Glimmer of hope for student movement amid military clampdown

Two years after the May 2014 military coup, Thailand’s student movement has shrunk to a few dozen activists amid a clampdown by the ruling junta on campus activities.

Nonetheless, several small pro-democracy student activist groups in and outside the capital Bangkok have come together in the past year as the New Democracy Movement or NDM, which is beginning to make its presence felt in the run up to a public referendum on a new military-backed constitution, due to take place in early August.

Campus opposition against the regime has been effectively snuffed out by the military regime.

Red Shirt activists, mostly supporters of the democratically-elected Yingluck Shinawatra regime that was ousted in the 2014 coup, had considerable support in rural areas and among more deprived social classes, as well as among some academics and students on campuses.

But the military’s climate of oppression has largely silenced the Red Shirts and many of their campus supporters, and some have fled abroad.

The current student body – mostly from middle-class and privileged backgrounds – has been ‘depoliticised’ and mainly supports the current regime, according to James Buchanan, a lecturer at City University of Hong Kong who is researching the Red Shirt movement.

“Thailand is awash with social, political and economic grievances, which have been mounting steadily in the past 10 years. However, the largely middle-class student bodies in the most famous universities of Bangkok are largely untouched by these,” Buchanan told University World News.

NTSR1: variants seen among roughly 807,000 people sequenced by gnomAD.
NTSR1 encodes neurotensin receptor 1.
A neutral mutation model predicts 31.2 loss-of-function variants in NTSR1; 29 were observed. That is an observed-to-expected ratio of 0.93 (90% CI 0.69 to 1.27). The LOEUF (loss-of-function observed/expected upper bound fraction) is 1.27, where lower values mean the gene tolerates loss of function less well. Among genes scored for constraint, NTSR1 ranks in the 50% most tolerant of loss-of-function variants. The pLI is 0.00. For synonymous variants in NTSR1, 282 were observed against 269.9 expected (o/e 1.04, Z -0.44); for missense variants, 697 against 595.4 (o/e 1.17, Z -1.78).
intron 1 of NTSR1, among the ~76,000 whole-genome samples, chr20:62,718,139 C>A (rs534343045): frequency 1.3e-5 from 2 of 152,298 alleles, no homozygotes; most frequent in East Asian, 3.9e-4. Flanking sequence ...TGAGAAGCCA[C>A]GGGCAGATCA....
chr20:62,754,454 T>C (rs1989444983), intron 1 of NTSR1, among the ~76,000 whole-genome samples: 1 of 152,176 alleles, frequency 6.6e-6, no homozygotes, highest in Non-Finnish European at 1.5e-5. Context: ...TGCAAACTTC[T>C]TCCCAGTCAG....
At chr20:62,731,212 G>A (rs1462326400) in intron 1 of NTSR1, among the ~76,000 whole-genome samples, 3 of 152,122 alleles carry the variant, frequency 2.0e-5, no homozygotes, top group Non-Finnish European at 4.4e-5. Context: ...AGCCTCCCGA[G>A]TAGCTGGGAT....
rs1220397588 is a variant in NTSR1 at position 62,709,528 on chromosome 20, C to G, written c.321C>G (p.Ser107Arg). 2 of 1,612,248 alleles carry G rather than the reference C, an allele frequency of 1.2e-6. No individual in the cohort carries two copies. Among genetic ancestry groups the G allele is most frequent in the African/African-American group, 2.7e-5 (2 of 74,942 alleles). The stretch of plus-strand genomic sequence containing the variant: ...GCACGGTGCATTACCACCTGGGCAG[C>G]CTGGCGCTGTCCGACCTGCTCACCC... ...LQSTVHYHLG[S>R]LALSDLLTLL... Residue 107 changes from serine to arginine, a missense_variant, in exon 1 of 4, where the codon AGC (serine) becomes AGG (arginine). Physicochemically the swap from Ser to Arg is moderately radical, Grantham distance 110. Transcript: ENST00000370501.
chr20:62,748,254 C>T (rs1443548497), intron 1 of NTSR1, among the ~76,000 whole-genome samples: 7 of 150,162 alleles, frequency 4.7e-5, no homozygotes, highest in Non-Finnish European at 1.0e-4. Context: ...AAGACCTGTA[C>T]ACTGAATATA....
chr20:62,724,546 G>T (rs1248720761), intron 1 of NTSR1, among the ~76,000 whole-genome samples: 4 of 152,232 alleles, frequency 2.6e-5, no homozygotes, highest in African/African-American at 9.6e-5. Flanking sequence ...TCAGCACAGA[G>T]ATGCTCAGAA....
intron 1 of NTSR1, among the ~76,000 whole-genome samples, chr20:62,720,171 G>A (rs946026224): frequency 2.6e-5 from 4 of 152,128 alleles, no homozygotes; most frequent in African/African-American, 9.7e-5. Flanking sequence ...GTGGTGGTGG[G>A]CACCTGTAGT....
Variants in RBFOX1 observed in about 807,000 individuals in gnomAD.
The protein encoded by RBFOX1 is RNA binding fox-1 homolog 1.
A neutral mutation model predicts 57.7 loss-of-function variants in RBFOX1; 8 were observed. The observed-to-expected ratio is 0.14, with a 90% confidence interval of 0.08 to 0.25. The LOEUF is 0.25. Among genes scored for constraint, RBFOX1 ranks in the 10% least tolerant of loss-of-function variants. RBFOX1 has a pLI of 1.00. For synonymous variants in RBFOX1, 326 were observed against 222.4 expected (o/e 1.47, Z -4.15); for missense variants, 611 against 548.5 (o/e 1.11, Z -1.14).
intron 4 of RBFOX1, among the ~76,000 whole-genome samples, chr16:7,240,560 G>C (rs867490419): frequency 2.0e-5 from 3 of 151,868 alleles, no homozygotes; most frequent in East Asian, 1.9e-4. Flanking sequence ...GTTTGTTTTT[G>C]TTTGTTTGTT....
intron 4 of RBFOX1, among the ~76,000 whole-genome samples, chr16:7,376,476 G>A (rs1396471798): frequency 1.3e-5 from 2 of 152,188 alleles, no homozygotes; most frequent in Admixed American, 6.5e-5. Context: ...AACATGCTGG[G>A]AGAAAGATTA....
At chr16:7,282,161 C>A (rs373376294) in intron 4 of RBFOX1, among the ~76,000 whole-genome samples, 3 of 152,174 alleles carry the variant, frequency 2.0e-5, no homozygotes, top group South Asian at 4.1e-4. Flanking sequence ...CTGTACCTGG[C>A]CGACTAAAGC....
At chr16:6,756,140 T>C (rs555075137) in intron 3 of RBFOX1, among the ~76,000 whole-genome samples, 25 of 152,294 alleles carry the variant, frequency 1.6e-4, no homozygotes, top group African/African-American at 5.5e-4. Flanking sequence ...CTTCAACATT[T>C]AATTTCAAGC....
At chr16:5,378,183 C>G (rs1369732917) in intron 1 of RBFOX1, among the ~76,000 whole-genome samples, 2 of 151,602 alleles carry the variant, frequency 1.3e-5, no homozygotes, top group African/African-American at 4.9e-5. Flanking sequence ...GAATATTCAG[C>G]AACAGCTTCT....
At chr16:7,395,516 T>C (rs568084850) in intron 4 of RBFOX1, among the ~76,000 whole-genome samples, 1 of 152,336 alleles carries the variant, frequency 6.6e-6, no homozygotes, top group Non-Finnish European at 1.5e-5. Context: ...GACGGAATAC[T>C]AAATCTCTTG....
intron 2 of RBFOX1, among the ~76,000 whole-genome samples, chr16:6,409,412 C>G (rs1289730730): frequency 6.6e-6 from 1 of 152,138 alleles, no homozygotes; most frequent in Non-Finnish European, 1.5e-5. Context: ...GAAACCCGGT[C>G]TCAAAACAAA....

“The very small number of student activists of the New Democracy Movement are the exception.”

The NDM has “bravely come forward to fill the void”, trying to “open a new political space for themselves, freed from the baggage of the ‘colour politics’ that has torn Thailand apart in the last decade”, said Buchanan, referring to the colour-coded divide between yellow-shirt urban middle-class royalist nationalists and their Red Shirt opponents.

Anniversary protests

A Bangkok-based group known as the Thai Student Center for Democracy held sporadic protests during 2015. At Khon Kaen University in the northeastern city of Khon Kaen, a campus-based student group, Dao Din, many of them law students, emerged in 2014 calling for a return to democracy.

Some 30 members of the two groups came together in Bangkok in May 2015 – the first anniversary of the coup – to stage a heated protest.

Calling themselves the New Democracy Movement for the first time, all were arrested and 14 students were held in custody. Although released in July, they still face charges including the serious charge of sedition, punishable by up to seven years in prison.